Central Oregon Coast, August 2120
There was a loud crash as someone in the dark lab knocked something over. The power had gone out during the EMP event a few minutes before and the automatic generator fail-over was not functioning. Georges groped along the wall for the manual switch and flipped it over. The emergency lights came on and Anthropology team leader Anne looked around to make sure everyone had made it out. She hugged Jill and Keiko when she saw them.
“Anne, where’s Jules? She was right behind me and Jill.” Asked Keiko worriedly. Anne turned to Georges, who was close to panicking.
“She’s not here! The wormhole is gone and Jules is not here.” He cried. Anne dispatched several of the team to go to Cosmology and find out the solar storm status, but before they left the room Jim and Rachael entered to share the latest update. Jim, decked out in his usual sock/sandal combination, read the status from the tablet in his hand.
“Okie-doke! The solar flare zapped us pretty good. Transformers all over the planet are off line. Fortunately, we issued our warning with enough notice for energy producers to supply protection. Our local power authority had backup units protected by Faraday cages ready to go on alternate circuits so they expect to have the grid re-initialized by morning.” A small cheer went up in the lab. Jim held up his hand. “Before you go out and party there are few other issues. It could be a few days before cellular networks are back in business, ditto the internet since a lot of data centers are dark right now. And a hundreds of satellites are also offline so you may not want to count on GPS for a bit. Most of the satellite operators had protection built in to the orbital units, but their computers shut them down when they detected the electromagnetic wave. Let’s start pulling the electronics out of the protected closets and get them ready. Make sure all the UPS surge protectors are programmed in to step-up the power gradually so we don’t fry a few billion dollars in equipment.” Jim had launched into a list of affected systems when Georges interrupted him.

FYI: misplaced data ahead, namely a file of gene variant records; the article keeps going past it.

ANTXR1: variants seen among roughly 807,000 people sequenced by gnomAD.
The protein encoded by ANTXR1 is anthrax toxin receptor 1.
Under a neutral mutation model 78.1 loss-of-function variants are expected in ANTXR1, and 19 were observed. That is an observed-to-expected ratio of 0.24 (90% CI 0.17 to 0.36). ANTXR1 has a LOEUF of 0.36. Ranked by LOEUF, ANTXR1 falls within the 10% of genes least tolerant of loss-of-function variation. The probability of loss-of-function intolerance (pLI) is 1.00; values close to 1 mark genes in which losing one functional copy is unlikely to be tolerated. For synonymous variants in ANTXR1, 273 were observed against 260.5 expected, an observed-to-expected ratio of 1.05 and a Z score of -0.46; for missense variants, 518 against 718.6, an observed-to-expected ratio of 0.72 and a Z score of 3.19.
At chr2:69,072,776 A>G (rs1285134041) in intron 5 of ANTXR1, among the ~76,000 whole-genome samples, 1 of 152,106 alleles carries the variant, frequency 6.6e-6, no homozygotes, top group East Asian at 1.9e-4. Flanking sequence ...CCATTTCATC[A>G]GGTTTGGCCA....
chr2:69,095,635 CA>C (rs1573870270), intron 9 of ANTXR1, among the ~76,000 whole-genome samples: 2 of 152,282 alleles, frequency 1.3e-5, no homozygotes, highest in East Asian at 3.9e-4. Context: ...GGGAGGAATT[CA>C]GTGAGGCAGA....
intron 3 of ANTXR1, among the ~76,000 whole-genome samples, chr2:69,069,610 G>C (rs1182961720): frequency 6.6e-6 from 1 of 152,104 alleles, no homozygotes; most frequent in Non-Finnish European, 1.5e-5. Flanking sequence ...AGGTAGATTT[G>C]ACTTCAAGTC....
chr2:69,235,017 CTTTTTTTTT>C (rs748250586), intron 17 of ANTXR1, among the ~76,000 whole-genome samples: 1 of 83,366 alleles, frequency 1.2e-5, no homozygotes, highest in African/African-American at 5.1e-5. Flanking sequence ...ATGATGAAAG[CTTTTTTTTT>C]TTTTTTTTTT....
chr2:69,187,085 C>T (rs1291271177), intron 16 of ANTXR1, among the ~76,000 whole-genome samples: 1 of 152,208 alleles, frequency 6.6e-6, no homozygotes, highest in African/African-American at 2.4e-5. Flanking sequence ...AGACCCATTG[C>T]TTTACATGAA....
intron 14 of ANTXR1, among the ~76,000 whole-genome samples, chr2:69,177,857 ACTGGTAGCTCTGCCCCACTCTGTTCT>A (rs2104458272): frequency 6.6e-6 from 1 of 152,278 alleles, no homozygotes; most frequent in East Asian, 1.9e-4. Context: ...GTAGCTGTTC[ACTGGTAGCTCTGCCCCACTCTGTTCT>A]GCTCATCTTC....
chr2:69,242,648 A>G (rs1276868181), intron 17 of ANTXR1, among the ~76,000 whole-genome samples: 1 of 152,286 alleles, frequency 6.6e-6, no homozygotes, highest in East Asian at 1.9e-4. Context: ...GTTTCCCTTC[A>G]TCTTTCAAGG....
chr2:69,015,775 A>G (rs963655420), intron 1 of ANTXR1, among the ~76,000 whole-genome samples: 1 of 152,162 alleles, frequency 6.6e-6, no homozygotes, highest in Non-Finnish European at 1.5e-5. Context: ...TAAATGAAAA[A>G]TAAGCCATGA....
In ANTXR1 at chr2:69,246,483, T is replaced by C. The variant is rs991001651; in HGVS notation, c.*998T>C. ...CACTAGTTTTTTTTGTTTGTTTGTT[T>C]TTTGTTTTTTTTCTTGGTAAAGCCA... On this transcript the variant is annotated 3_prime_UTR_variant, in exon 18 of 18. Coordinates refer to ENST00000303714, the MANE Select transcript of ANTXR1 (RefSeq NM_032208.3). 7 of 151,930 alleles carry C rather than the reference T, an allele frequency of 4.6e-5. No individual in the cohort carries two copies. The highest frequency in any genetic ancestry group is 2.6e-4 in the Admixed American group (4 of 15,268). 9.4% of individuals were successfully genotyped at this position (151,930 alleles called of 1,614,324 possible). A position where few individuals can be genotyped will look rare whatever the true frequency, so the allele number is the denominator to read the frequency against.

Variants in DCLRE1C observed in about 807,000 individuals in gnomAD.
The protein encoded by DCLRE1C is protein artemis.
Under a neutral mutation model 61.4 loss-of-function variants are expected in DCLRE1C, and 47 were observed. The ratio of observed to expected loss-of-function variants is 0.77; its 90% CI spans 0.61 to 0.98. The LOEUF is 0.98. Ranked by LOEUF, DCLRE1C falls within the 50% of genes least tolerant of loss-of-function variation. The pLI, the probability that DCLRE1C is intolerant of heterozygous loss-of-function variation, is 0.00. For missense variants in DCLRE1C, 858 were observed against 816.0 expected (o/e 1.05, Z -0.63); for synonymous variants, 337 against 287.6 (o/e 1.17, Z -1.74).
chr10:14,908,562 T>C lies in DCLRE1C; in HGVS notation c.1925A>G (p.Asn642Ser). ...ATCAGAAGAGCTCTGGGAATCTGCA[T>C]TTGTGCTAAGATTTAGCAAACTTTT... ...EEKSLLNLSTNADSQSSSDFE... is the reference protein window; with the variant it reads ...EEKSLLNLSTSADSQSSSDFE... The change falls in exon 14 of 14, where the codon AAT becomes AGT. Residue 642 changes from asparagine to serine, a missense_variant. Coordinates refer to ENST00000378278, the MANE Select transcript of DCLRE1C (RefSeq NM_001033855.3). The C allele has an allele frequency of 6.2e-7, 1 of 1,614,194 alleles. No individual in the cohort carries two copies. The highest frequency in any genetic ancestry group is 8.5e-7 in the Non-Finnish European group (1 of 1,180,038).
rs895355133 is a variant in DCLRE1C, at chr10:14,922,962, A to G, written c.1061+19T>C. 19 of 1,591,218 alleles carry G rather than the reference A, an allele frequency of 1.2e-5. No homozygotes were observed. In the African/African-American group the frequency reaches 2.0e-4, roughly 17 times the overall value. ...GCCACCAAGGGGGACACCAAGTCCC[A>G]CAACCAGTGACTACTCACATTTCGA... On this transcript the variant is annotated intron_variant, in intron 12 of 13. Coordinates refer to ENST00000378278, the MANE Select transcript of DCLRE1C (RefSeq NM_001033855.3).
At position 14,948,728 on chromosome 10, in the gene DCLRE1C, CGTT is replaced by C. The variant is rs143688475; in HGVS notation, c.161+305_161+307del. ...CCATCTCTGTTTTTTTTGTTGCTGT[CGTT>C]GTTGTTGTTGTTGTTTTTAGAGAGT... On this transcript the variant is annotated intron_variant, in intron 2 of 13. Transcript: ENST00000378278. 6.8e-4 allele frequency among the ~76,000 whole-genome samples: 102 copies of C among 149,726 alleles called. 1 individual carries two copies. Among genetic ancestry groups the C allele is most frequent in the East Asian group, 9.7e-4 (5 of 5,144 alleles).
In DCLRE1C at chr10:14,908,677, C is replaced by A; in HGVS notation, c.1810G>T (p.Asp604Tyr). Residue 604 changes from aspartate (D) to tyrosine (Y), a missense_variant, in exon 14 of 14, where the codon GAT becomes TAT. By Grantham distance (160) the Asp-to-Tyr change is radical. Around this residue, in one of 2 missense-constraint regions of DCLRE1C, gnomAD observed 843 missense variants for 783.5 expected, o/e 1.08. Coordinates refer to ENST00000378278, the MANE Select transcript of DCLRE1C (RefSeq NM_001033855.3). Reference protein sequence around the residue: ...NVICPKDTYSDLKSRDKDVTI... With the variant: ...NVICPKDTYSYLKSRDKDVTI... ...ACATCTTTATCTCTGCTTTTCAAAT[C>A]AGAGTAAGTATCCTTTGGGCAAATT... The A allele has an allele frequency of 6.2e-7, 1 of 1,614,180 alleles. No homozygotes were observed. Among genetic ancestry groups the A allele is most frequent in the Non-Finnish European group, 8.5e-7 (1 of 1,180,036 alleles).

“Jim, we need to call PoESA admin. The wormhole collapsed and Jules didn’t make it back.” Jim looked stricken.
“How did that happen?” Jim asked. Keiko and Jill described their meeting with Jules just before they returned through the wormhole.
“It was raining, really hard.” Jill said shakily. “It turned into a huge storm with thunder and lightning and wind. I think I saw a flash just as I went through. What if she’s hurt?” Anne sent Jill and Keiko to go change and dry off, and Jim left to call Janus and tell her about Jules’ disappearance. Meanwhile, Georges had fetched the Wand and was working to re-establish the wormhole. Since the Wand didn’t use shore power (actually they had no idea what kind of power it used), he was hopeful that he could establish the portal again. After several attempts, which resulted in a normal-looking aperture that fizzled out, he stabilized the wormhole, but it remained the size of a quarter. Still, if he squeezed a radio or microwave signal through it, he might at least be able to locate Jules and make sure she was unharmed. He sent Tony into the lab storage room to retrieve the radio equipment that he and Jules had been using for their last research project, the one that had been cut short due to lack of funding (and general interest.)
Tony helped him set up the transmitter and plug it into generator-backed power, then Georges tapped in the frequency to match the receiver on the scanner Jules had been carrying. If the scanner was within a few miles of the wormhole, it should be able to receive the signal. Georges typed a message into the console,
<ARE YOU OK?
Then he pressed the send key. He waited for several minutes, but there was no response. He looked sadly at Tony.
“She may have turned it off. Don’t worry, man. We’ll keep trying.” Tony consoled. Georges and Tony tried resending the signal for several hours, and finally Georges realized he was going to have to give it up for the night, as it was 3am. He was about to leave when he remembered that the scanners had a “wake-on-signal” mode that allowed them to be turned on remotely. As soon as he had entered the code, he transmitted the message again. 30 seconds passed then he received a reply:
<YOU WILL NOT FUCKING BELIEVE WHERE I AM